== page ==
Sometimes when you run an extract, the file contains data characters that you don't want in your file list.

These could be commas, dashes, stars or any weird character that is added with source files. Want to strip this out quickly? Here is a formula that can help.

Note - there is an easier way to do this using "text to columns" - but lets keep it interesting and use just formula.

These could be commas, dashes, stars or any weird character that is added with source files. Want to strip this out quickly? Here is a formula that can help.

Note - there is an easier way to do this using "text to columns" - but lets keep it interesting and use just formula.

In cell B1 enter this formula:

=REPLACE(A1, FIND("-",A1), 1, " ")

**What this is saying:**

= Replace formula allows you to search within a cell to find a special character

A1 is telling the formula where the cell is that has the problem

FIND("-",A1) is telling the formula WHERE the incorrect character is

1 is saying to replace just 1 character (i.e. change the - to a space)

And finally the " " is telling the formula when you find the "-" replace it with the " "

=REPLACE(A1, FIND("-",A1), 1, " ")

= Replace formula allows you to search within a cell to find a special character

A1 is telling the formula where the cell is that has the problem

FIND("-",A1) is telling the formula WHERE the incorrect character is

1 is saying to replace just 1 character (i.e. change the - to a space)

And finally the " " is telling the formula when you find the "-" replace it with the " "

You can have fun with this formula by saying change the "-" to a "^" by using this formula:

=REPLACE(A1, FIND("-",A1), 1, "^")

=REPLACE(A1, FIND("-",A1), 1, "^")

Once you are happy with it - fill the formula down you are done.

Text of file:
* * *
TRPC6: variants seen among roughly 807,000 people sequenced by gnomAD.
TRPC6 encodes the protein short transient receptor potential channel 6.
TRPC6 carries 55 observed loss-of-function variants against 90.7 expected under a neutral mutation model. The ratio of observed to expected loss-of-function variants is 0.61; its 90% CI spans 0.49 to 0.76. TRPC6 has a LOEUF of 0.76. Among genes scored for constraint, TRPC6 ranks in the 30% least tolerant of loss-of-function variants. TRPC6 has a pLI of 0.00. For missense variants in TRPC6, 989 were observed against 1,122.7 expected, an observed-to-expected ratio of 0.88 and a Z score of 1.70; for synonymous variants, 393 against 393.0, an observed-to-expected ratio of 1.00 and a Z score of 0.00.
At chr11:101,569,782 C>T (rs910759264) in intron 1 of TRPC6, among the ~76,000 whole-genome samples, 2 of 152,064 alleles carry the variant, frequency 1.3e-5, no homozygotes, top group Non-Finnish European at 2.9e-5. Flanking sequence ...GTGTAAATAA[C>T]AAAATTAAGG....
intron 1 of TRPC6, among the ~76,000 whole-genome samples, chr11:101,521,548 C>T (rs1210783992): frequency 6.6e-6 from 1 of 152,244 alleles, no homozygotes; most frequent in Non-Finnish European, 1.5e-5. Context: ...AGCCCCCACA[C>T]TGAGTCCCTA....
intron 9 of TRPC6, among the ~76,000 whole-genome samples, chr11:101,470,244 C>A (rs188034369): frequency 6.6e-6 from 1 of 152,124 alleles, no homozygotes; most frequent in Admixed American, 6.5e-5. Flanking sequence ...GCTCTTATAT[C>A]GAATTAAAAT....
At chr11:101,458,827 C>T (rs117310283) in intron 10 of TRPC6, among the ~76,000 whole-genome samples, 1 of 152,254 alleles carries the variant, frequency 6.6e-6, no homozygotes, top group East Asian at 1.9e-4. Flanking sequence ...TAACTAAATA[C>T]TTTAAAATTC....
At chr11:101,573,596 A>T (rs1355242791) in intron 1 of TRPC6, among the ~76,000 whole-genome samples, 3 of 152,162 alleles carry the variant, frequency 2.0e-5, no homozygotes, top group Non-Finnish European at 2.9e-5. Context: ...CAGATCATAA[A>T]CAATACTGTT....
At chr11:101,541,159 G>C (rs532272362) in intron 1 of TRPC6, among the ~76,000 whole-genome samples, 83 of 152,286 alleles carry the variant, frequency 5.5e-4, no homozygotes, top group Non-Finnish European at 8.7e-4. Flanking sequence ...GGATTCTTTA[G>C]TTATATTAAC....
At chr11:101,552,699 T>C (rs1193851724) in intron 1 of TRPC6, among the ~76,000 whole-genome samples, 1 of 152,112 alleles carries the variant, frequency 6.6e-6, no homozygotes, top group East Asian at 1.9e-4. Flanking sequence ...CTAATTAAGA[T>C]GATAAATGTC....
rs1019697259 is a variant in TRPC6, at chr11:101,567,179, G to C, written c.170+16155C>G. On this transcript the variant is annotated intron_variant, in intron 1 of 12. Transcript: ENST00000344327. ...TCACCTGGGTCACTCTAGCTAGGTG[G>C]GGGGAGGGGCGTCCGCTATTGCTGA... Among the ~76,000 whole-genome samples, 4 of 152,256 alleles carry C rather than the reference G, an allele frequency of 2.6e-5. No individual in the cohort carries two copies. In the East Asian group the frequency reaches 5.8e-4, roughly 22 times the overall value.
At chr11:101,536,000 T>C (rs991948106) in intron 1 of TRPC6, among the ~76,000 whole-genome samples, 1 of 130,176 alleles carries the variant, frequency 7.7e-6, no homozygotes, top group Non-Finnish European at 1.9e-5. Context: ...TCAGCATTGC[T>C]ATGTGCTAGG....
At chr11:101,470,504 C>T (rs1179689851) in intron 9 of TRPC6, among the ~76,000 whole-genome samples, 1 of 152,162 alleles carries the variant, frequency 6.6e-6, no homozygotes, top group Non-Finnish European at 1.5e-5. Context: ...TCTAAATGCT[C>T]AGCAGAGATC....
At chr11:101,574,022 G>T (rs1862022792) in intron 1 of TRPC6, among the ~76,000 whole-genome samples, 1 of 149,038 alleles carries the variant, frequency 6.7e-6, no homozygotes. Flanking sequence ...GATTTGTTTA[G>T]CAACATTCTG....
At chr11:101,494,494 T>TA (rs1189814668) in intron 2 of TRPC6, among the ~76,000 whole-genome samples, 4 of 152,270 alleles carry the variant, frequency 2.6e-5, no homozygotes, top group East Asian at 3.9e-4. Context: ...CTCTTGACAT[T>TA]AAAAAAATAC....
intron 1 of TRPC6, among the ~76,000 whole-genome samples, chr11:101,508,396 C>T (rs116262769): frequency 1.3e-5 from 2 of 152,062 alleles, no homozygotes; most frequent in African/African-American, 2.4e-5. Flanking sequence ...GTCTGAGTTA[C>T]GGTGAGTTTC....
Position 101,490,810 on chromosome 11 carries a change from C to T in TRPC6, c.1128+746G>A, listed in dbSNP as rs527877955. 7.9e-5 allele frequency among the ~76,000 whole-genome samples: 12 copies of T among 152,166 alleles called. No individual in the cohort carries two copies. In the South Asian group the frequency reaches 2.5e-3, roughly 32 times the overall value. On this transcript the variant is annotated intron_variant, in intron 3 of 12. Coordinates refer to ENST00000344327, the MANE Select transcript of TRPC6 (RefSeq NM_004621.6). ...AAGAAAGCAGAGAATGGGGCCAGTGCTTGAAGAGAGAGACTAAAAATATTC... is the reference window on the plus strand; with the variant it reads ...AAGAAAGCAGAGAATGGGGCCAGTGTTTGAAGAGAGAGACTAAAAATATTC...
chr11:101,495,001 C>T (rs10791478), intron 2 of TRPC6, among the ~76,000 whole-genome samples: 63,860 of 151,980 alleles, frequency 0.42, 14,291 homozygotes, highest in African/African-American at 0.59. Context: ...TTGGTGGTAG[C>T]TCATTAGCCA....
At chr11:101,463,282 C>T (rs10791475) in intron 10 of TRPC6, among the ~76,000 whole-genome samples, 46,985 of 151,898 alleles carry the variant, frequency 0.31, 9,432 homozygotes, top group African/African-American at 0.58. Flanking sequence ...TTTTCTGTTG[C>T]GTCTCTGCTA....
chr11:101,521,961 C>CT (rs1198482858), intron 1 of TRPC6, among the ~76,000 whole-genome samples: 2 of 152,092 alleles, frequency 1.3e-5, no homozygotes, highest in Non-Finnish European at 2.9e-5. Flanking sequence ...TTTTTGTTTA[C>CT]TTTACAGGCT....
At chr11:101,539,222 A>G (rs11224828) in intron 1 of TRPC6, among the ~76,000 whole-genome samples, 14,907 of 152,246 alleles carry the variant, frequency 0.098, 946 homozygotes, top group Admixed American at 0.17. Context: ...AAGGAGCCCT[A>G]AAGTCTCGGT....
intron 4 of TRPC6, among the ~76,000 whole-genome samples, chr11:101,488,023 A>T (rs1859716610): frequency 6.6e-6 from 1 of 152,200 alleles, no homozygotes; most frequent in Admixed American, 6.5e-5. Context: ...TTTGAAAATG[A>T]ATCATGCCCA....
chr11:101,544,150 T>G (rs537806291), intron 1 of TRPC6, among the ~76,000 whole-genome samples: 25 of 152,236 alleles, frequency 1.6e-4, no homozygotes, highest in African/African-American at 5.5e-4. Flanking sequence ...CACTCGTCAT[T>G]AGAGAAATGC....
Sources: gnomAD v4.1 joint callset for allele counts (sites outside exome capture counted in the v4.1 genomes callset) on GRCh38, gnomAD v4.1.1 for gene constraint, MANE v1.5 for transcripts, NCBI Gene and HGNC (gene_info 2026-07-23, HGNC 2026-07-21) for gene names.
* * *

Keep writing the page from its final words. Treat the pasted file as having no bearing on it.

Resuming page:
]]>So you have a list of names in one column of a workbook - and you want to work out if they are attending a special event that is coming up.

Column A - has the list of names we are looking at (This is our Master List)

Column B - needs to be filled out with either a "Yes" or a "No" using our look-up from another list.

The information we want is actually on another Excel sheet - lets take a look at what this 'Other' sheet looks like...

So - if we we were to look at Alex Newman - we can see that he is NOT attending.

What we need to do is retrieve that NO from the 2nd sheet, and put it onto our first sheet for every single name on this list.

This is what the VLOOKUP does in Excel.

What we need to do is retrieve that NO from the 2nd sheet, and put it onto our first sheet for every single name on this list.

This is what the VLOOKUP does in Excel.

On the master list, click into cell B2 and type in **=VLOOKUP(**

What this has done is open up an Excel calculation where you can now enter what it is that you want to lookup.

The VLOOKUP formula is asking for these things:

1) WHAT CELL DO YOU WANT TO LOOK UP

2) IN WHICH SHEET DO YOU WANT TO LOOK FOR IT

3) WHEN EXCEL FINDS YOUR VALUE, WHAT DO YOU WANT EXCEL TO RETURN

4) DO YOU WANT AN EXACT MATCH OR JUST AN APPROXIMATE?

What this has done is open up an Excel calculation where you can now enter what it is that you want to lookup.

The VLOOKUP formula is asking for these things:

1) WHAT CELL DO YOU WANT TO LOOK UP

2) IN WHICH SHEET DO YOU WANT TO LOOK FOR IT